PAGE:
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Old 07-27-2010, 10:17 PM   #1
KyleWolf
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Mar 2010
Saint Louis, Missouri
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Hey everyone,

So I attempted a recipe similar to this when I first started all grain and it didn't turn out well for multiple reasons, fermentation temp, oxidation, etc. but I have learned more and have a better idea of whats going on. So now I have have dropped switched out some of the specialty grains and added more hops and made this thing a beast. Hoping to start it in September and enjoy it through the cold months, even though the dry hops wont last (can always re-hop in the keg)

82% Two-row 14lbs 12oz
06% Brown Malt 01lbs 00oz
04% Crystal 60L 00lbs 10oz
04% Special Roast 00lbs 10oz
02% Biscuit Malt 00lbs 06oz
02% Chocolate malt 00lbs 06oz

1.75oz Columbus 60min
0.67oz Columbus 35min
2.00oz Willamette 20min
1.50oz Willamette 5min
1.00oz Amarillo 5min

1.00oz Amarillo dry hop
1.00oz Willamette dry hop
0.50oz Columbus dry hop

Mashing at 155-157
90min boil
OG 1.095
FG 1.020
approx. 87 IBU
SRM 26


Thinking of fermenting with WLP001/005 or Wyeast 1335 with a massive starter. Fermenting at 68-70 and ramping to 75 after first week.

The current recipe is not accounting for water loss from hops. How much water would you say hop leaf absorbs in the boil compared to dry hopping? I can't imagine it is all that much.
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Old 07-27-2010, 11:43 PM   #2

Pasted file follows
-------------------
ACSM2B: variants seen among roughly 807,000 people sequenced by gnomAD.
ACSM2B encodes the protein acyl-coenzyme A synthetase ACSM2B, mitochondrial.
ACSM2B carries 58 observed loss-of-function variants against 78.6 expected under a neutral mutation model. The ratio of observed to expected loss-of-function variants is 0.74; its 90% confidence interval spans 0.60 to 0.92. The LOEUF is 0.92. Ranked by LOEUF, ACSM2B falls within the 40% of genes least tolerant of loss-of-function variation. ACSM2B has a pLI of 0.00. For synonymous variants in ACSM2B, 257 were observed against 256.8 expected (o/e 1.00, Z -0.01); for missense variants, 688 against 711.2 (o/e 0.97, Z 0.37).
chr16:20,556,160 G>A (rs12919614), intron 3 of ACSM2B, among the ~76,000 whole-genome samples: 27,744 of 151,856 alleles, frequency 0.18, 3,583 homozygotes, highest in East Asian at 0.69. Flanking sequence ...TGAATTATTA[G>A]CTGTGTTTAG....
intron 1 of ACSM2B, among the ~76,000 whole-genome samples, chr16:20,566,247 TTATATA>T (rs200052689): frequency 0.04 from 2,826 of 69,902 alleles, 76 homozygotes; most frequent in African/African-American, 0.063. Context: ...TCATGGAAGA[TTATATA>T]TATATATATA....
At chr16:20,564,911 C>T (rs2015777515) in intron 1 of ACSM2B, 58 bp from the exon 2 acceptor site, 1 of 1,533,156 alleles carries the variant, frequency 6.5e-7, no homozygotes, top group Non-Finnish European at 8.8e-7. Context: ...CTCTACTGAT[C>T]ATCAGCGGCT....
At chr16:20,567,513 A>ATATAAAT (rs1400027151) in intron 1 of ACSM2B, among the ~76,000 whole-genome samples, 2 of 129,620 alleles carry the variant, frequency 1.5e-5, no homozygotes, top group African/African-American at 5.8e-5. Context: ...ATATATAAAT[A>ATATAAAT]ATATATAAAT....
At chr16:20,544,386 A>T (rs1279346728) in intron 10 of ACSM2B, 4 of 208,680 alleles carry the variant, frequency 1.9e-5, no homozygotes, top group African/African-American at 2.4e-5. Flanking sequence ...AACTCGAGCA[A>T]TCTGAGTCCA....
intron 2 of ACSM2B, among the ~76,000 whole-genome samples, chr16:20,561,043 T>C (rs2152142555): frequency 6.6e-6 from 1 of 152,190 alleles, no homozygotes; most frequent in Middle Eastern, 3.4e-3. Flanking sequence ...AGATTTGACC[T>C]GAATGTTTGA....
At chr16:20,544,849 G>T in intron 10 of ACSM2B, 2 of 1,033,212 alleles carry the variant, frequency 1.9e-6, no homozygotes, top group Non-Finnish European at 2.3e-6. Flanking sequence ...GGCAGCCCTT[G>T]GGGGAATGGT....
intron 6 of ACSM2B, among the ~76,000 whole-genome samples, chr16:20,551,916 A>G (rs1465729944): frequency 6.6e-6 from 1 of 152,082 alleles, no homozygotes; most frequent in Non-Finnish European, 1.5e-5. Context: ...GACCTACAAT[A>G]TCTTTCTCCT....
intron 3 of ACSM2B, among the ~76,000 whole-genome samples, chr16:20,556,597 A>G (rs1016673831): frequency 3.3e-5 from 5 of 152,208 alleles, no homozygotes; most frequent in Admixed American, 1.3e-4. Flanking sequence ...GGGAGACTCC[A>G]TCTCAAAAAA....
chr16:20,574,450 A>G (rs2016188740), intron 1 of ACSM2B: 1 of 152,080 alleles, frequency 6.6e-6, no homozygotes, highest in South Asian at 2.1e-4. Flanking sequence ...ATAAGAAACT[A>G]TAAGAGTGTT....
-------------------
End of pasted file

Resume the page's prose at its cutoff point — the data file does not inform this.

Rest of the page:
GuldTuborg
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The recipe looks pretty solid. I might use a Maris Otter or mild ale malt as your 2-row to give it a good, solid flavor, but that's just me. The only thing that raises a red flag for me is the mash temp. With a beer this big, you're going to end up with a pretty high FG mashing that high (definitely higher than 1.020). I'd mash this in the 152-154 range, tops, but again, that's just me.

 
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Old 07-28-2010, 12:02 AM   #3
KyleWolf
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Mar 2010
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You are most likely correct. I didn't change the mash temp from when I originally made this beer and it was in the 1070 range and I didn't want to sacrifice flavor...but with a beer like this I doubt I need to worry so I should drop it down. Thanks.
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Old 07-28-2010, 07:51 PM   #4
KyleWolf
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Mar 2010
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Just curious. If I was to use say, WLP001, do you think the yeast would be powerful enough to chew through all that sugar? If I use WLP001, I will be pitching directly onto a fresh yeast cake.

If by chance you think it wouldn't be strong enough, do you think taking a little of the cake out, making a starter, throwing it in the fridge and repitching it after the primary fermentation has finished would do the trick?
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